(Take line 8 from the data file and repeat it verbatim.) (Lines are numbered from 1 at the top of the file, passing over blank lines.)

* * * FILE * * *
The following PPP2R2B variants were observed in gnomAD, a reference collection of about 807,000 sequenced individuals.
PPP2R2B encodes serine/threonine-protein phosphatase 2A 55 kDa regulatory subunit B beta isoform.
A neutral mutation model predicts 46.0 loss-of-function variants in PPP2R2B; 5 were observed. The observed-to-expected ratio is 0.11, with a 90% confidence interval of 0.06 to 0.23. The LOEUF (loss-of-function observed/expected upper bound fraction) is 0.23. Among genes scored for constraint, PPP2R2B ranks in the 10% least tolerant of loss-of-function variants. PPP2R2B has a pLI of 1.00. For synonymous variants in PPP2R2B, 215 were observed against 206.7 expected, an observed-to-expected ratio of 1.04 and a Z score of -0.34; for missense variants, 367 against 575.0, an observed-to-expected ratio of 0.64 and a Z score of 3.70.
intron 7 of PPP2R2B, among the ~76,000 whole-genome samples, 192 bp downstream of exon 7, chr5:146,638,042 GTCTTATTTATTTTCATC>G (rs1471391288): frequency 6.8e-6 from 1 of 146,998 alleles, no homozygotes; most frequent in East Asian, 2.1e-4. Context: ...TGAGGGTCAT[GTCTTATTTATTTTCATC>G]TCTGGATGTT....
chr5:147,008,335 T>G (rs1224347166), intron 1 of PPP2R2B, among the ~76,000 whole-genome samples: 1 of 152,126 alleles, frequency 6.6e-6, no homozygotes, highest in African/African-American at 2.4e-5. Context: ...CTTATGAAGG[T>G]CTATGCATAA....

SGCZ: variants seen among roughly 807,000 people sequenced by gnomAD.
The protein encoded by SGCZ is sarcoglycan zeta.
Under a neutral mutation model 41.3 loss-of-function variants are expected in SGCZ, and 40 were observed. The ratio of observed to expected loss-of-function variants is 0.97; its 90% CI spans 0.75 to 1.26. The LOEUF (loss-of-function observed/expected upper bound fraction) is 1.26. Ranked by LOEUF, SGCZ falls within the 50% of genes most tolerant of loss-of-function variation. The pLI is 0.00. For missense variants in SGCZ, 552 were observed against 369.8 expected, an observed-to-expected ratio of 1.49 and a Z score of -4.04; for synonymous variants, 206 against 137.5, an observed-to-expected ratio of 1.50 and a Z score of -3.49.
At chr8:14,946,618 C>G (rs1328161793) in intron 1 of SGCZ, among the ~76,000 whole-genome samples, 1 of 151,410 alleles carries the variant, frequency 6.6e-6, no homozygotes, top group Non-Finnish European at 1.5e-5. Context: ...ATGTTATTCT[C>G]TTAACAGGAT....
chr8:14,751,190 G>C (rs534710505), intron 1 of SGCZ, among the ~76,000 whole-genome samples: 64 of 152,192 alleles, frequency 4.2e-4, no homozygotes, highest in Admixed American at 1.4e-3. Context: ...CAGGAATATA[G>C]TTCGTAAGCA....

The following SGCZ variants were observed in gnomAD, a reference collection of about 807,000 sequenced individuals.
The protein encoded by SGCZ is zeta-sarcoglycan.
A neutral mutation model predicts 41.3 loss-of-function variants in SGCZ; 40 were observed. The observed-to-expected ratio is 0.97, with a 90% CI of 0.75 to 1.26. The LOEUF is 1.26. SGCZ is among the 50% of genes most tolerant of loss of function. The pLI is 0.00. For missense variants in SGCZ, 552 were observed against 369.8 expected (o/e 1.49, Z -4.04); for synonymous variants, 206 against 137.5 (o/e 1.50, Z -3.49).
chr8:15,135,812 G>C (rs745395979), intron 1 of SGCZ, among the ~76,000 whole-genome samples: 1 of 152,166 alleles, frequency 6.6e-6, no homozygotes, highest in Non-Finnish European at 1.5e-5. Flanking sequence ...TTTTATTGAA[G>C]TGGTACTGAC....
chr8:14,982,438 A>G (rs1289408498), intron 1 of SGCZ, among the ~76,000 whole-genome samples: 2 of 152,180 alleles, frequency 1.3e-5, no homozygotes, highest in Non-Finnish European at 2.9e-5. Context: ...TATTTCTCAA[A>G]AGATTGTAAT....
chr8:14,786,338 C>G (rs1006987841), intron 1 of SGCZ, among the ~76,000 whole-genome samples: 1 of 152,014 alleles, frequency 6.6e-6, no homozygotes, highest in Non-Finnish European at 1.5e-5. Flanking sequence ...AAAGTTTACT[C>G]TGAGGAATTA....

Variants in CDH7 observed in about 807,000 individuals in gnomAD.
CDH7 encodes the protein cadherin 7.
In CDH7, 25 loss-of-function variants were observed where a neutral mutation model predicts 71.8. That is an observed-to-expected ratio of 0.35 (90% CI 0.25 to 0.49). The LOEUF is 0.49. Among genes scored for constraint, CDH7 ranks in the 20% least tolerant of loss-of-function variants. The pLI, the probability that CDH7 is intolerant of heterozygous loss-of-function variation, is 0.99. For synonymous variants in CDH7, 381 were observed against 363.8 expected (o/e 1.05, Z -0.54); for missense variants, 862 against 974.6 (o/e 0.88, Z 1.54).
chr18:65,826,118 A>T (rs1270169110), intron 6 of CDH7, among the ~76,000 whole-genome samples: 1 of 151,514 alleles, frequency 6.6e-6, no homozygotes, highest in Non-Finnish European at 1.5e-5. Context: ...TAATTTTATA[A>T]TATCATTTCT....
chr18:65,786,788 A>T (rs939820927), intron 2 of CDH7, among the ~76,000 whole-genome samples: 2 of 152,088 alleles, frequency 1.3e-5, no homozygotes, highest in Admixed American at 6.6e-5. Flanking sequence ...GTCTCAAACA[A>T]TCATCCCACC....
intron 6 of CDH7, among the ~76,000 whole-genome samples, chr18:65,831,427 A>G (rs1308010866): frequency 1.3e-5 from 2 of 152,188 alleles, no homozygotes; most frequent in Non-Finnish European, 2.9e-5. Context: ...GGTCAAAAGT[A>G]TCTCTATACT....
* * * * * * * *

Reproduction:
Under a neutral mutation model 41.3 loss-of-function variants are expected in SGCZ, and 40 were observed. The ratio of observed to expected loss-of-function variants is 0.97; its 90% CI spans 0.75 to 1.26. The LOEUF (loss-of-function observed/expected upper bound fraction) is 1.26. Ranked by LOEUF, SGCZ falls within the 50% of genes most tolerant of loss-of-function variation. The pLI is 0.00. For missense variants in SGCZ, 552 were observed against 369.8 expected, an observed-to-expected ratio of 1.49 and a Z score of -4.04; for synonymous variants, 206 against 137.5, an observed-to-expected ratio of 1.50 and a Z score of -3.49.